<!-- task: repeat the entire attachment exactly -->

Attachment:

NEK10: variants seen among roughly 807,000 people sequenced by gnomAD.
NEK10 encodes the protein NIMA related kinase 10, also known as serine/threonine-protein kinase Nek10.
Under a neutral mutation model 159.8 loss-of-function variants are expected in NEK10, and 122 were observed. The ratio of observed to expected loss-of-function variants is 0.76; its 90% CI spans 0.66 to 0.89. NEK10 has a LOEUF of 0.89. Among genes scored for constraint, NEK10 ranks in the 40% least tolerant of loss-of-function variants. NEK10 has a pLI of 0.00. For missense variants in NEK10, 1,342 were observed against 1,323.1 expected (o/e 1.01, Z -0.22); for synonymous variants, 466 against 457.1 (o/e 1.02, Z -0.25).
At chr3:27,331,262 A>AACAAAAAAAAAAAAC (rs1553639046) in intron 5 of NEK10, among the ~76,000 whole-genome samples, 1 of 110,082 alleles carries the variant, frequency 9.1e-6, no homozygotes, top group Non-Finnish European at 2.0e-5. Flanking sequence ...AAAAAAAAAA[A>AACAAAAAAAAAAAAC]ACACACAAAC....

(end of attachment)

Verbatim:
NEK10: variants seen among roughly 807,000 people sequenced by gnomAD.
NEK10 encodes the protein NIMA related kinase 10, also known as serine/threonine-protein kinase Nek10.
Under a neutral mutation model 159.8 loss-of-function variants are expected in NEK10, and 122 were observed. The ratio of observed to expected loss-of-function variants is 0.76; its 90% CI spans 0.66 to 0.89. NEK10 has a LOEUF of 0.89. Among genes scored for constraint, NEK10 ranks in the 40% least tolerant of loss-of-function variants. NEK10 has a pLI of 0.00. For missense variants in NEK10, 1,342 were observed against 1,323.1 expected (o/e 1.01, Z -0.22); for synonymous variants, 466 against 457.1 (o/e 1.02, Z -0.25).
At chr3:27,331,262 A>AACAAAAAAAAAAAAC (rs1553639046) in intron 5 of NEK10, among the ~76,000 whole-genome samples, 1 of 110,082 alleles carries the variant, frequency 9.1e-6, no homozygotes, top group Non-Finnish European at 2.0e-5. Flanking sequence ...AAAAAAAAAA[A>AACAAAAAAAAAAAAC]ACACACAAAC....